As for walking, I suppose 1000 steps equals a mile if you take 5'-3" steps.

  • Anonymous

    12/14/2010 2:01:41 AM |

    Ken says:
    "1% of our staff account for 35% of our plan expenses"
    Is it possible that they are sicker? I mean of no fault of their own making?
    "I see little evidence of motivation to change behaviors. Like most Americans they are going to come to a doctor like you and want a pill to fix it"
    Don't get me started on this one.
    BTW, Ken, what is your salary as a CEO? Isn't it driving the cost of health care?
    Well, Americans who think that universal health care equals "socialism," that history is dead, that "the rich are rich because they deserve to be rich," that an illiterate apparatchik (sorry, manager) can one day be  president of an university and another - CEO of some steel plant and yes, that life is simple and "it's up to you - to be healthy or not among other things" are getting what they  probably deserve. Yes, of course, there countless innocent victims, sadly the most sophisticated and decent.

  • Daniel A. Clinton, RN, BSN

    12/14/2010 5:02:00 AM |

    These suggestions all make sense, and will do absolutely nothing. The bottom line is that the United States spend 17.6% of our gross domestic product on healthcare (the highest % of GDP of any country in the world) to the tune of 2.5 trillion dollars. Until we remove profit from the equation and recognize that access to healthcare is a fundamental, universal right of every citizen in the year 2010, and establish a universal government-run healthcare plan, these suggestions will do nothing. They won't actually generate healthcare savings; they'll add profit to those who allow 44,789 Americans to needlessly die every year to preserve the perverse private insurer system that torments our country.

  • Anonymous

    12/14/2010 5:03:35 AM |

    I'd like to know where you keep getting the idea that wheat is genetically modified. None of the commercially available wheat is genetically modified. The varieties we have on the market are the result of selecting breeding practices. Selective breeding is not the same as genetic modification in scientific terms. Furthermore, hybridisation of varieties is not genetic modification, it occurs naturally. Here is an exert from one of my recent publications:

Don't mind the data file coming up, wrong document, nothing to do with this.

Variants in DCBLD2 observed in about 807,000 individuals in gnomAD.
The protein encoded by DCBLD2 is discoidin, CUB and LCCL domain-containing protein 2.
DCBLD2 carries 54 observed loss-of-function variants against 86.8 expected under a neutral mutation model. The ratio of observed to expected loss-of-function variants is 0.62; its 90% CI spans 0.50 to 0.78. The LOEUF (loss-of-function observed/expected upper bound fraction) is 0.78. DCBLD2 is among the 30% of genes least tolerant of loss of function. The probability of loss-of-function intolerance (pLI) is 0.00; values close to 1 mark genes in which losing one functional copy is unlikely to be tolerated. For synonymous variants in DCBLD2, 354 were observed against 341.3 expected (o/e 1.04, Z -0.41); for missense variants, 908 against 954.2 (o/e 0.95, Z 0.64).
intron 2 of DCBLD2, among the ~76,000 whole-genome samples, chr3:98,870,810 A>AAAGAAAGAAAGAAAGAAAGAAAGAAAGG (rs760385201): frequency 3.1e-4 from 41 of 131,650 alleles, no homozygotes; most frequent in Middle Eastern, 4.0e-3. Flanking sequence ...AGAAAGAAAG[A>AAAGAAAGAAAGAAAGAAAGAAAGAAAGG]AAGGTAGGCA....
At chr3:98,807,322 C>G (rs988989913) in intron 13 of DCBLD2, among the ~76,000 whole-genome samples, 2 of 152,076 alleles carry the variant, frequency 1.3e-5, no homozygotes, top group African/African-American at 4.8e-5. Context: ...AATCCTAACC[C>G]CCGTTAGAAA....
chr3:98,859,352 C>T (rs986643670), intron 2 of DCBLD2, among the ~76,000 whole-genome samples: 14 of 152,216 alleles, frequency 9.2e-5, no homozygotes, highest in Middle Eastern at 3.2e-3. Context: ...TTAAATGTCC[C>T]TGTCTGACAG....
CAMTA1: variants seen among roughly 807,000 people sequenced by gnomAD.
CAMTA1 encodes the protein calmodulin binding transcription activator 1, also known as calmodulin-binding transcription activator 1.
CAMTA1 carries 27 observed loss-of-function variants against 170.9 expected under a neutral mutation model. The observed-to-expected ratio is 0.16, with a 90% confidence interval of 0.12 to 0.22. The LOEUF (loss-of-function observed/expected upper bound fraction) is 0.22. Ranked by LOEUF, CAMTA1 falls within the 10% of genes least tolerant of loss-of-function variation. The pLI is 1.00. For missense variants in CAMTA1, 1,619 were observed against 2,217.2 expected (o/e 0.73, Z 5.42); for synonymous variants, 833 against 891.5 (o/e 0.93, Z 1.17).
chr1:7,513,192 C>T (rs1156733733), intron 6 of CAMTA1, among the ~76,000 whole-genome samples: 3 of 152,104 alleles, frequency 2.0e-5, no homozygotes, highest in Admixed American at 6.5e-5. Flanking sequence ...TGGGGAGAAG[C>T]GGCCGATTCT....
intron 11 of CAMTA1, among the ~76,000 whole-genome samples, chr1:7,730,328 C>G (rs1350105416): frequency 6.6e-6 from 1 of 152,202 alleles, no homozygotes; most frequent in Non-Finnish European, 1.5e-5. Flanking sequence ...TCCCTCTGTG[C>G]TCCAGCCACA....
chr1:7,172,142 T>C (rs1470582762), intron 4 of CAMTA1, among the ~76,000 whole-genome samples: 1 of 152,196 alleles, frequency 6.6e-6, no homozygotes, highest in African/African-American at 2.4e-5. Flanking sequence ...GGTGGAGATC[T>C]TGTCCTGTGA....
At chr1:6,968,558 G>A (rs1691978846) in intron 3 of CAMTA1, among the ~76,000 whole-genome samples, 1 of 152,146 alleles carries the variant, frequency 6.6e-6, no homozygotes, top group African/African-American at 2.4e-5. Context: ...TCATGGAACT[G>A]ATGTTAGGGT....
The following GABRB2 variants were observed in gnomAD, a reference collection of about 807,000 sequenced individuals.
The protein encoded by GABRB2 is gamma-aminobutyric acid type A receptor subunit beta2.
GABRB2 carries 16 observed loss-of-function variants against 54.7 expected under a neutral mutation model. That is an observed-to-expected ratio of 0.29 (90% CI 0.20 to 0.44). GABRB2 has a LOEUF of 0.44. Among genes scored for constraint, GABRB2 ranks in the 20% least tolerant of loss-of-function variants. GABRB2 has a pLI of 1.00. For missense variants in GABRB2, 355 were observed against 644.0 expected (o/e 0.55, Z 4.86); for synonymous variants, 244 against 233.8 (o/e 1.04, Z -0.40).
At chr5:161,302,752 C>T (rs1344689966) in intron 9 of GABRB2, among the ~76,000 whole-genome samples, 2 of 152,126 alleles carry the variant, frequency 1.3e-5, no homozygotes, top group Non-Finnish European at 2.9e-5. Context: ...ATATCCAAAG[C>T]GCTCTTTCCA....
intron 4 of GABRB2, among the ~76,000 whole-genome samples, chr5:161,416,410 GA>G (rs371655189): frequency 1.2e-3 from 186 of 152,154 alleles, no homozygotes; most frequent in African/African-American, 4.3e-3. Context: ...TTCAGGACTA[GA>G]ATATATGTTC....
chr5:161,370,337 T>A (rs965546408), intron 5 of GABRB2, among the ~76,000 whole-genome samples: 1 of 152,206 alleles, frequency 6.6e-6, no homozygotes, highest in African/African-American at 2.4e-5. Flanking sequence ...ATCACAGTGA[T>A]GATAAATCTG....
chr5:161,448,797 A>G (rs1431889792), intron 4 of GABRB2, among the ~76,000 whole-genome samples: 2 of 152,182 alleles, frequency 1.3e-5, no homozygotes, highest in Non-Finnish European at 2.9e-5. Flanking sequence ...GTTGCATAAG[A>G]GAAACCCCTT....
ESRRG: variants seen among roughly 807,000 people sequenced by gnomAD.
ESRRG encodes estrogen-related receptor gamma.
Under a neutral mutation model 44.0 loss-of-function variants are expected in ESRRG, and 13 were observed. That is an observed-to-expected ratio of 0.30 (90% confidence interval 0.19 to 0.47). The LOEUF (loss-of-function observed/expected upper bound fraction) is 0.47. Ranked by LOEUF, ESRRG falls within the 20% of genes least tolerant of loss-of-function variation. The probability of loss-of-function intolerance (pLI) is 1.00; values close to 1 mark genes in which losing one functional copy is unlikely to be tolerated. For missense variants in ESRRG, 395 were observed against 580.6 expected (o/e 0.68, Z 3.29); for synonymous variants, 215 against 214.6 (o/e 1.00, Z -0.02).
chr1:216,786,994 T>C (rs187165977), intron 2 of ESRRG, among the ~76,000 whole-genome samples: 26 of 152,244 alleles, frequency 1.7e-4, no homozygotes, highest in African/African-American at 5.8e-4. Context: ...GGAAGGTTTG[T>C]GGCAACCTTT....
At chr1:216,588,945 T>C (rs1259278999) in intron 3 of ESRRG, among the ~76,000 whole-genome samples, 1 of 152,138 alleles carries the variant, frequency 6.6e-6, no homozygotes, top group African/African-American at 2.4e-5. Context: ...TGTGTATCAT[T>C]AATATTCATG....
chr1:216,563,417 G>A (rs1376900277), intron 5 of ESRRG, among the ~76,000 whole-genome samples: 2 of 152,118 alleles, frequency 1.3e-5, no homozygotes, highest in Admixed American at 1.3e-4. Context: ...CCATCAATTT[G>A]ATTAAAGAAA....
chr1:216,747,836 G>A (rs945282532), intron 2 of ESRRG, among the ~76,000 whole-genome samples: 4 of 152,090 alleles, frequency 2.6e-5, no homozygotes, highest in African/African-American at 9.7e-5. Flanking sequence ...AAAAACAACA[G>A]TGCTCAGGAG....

The BBAADD genome was derived by hybridisation of a female tetraploid (2n = 4x = 28; genome BBAA) and a male diploid [Triticum tauschii L. (2n = 2x = 14; genome DD)] (Kihar 1944; McFadden and Sears 1944, 1946a, b; Kimber and Feldman 1987; Kimber and Sears 1987; Dvorak et al. 1998). The A genome originated from Triticum urartu L., while Aegilops speltoides L. is reportedly the donor of the B genome for both tetraploid and hexaploid wheats (Dvorak et al. 1988; Wang et al. 1997).

  • Paul

    12/14/2010 6:04:53 AM |

    "What is the best way to supplement iodine and how much?" - anonymous

    Judy B. gave you a hint... kelp.  It has the highest amount of iodine of any natural dietary source, AFAIK. I buy the dry powder form sold by Now Foods.  An 8oz. bottle only costs me $4 and lasts six months... not bad.

    A quarter teaspoon has 300 mcg (200% DV) of iodine, so that's what I put in my little BCAA/whey protein shake every morning to ward off any thyroid problems, and so far so good at 50 y.o.  However, you may need a much different dosage protcol if you already have thyroid problems.  Dr. Davis has some blog posts on the subject.

  • Dr. William Davis

    12/14/2010 12:44:38 PM |

    Anonymous about wheat's genetic profile:

    1) You're off topic here.

    2) Nonetheless, I've never said that genetic modification yielded modern wheat. It has been the extensive hybridizations that have yielded this modern monstrosity called "wheat," the hexaploid dwarf that makes millions sick.

    However, I suspect that this argument only matters to people who work in the wheat-generating industry. Who gives a damn how it was created if you have a debilitating illness from it?

  • kris

    12/14/2010 3:25:39 PM |

    I too have gone to the high deductible health care plan. It is a 10,000 deductible for each member but gives you a free annual exam with some standard bloodwork. Also gives a free gynecological exam, mamogram and pap test for women. An interesting difference with these policies is that they give you unlimited prescription coverage once you meet deductible where as prescription coverage on most taps out at $2000, a lot of which you paid for with prescription coverage. There are lower deductibles. With the $10,000 deductible, I pay around $370 per month for my husband and myself and opted to put my son on full coverage since it is so inexpensive for a young person.

  • Peter

    12/14/2010 4:10:47 PM |

    Since I've been following your advice my LDL has shot up, and a bunch of other markers are all improved: CRP, HgA1c, triglycerides, HDL, fasting glucose.  How can I tell if this is a good trade or a bad one?

  • Might-o'chondri-AL

    12/15/2010 2:17:42 AM |

    Iodine from the seaweed Kombu, Laminaria japonica gets stewed into anything you cook with it.
    Take a small piece, say an inch square and simmer it for extraction. Dr. Davis probably ate it as Dashi when a boy.